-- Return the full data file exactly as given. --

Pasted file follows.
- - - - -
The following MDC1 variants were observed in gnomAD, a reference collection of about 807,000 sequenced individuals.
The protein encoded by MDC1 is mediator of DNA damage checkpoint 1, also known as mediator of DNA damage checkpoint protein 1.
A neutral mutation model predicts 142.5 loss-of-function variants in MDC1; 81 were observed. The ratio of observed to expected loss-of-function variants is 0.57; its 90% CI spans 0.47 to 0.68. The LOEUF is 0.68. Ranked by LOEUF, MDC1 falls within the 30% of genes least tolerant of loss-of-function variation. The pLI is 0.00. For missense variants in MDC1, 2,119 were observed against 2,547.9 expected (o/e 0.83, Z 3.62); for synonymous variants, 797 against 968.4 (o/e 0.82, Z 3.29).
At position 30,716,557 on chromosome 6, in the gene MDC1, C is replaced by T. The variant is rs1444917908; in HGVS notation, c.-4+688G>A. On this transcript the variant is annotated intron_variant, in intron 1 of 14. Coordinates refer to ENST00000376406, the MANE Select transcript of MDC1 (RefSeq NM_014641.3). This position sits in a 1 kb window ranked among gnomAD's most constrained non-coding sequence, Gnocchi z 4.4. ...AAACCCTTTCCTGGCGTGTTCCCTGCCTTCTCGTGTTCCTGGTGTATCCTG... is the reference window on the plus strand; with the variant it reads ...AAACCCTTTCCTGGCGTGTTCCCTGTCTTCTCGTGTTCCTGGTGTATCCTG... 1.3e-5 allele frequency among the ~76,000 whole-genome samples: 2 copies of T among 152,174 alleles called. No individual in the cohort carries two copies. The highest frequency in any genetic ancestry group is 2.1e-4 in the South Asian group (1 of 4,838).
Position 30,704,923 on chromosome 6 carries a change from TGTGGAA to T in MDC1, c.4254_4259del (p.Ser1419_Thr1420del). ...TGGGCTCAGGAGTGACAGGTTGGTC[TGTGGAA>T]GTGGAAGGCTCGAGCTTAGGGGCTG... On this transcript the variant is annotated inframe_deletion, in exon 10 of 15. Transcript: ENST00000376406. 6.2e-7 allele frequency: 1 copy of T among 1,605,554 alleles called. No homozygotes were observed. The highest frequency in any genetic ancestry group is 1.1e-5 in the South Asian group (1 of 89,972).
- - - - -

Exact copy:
The following MDC1 variants were observed in gnomAD, a reference collection of about 807,000 sequenced individuals.
The protein encoded by MDC1 is mediator of DNA damage checkpoint 1, also known as mediator of DNA damage checkpoint protein 1.
A neutral mutation model predicts 142.5 loss-of-function variants in MDC1; 81 were observed. The ratio of observed to expected loss-of-function variants is 0.57; its 90% CI spans 0.47 to 0.68. The LOEUF is 0.68. Ranked by LOEUF, MDC1 falls within the 30% of genes least tolerant of loss-of-function variation. The pLI is 0.00. For missense variants in MDC1, 2,119 were observed against 2,547.9 expected (o/e 0.83, Z 3.62); for synonymous variants, 797 against 968.4 (o/e 0.82, Z 3.29).
At position 30,716,557 on chromosome 6, in the gene MDC1, C is replaced by T. The variant is rs1444917908; in HGVS notation, c.-4+688G>A. On this transcript the variant is annotated intron_variant, in intron 1 of 14. Coordinates refer to ENST00000376406, the MANE Select transcript of MDC1 (RefSeq NM_014641.3). This position sits in a 1 kb window ranked among gnomAD's most constrained non-coding sequence, Gnocchi z 4.4. ...AAACCCTTTCCTGGCGTGTTCCCTGCCTTCTCGTGTTCCTGGTGTATCCTG... is the reference window on the plus strand; with the variant it reads ...AAACCCTTTCCTGGCGTGTTCCCTGTCTTCTCGTGTTCCTGGTGTATCCTG... 1.3e-5 allele frequency among the ~76,000 whole-genome samples: 2 copies of T among 152,174 alleles called. No individual in the cohort carries two copies. The highest frequency in any genetic ancestry group is 2.1e-4 in the South Asian group (1 of 4,838).
Position 30,704,923 on chromosome 6 carries a change from TGTGGAA to T in MDC1, c.4254_4259del (p.Ser1419_Thr1420del). ...TGGGCTCAGGAGTGACAGGTTGGTC[TGTGGAA>T]GTGGAAGGCTCGAGCTTAGGGGCTG... On this transcript the variant is annotated inframe_deletion, in exon 10 of 15. Transcript: ENST00000376406. 6.2e-7 allele frequency: 1 copy of T among 1,605,554 alleles called. No homozygotes were observed. The highest frequency in any genetic ancestry group is 1.1e-5 in the South Asian group (1 of 89,972).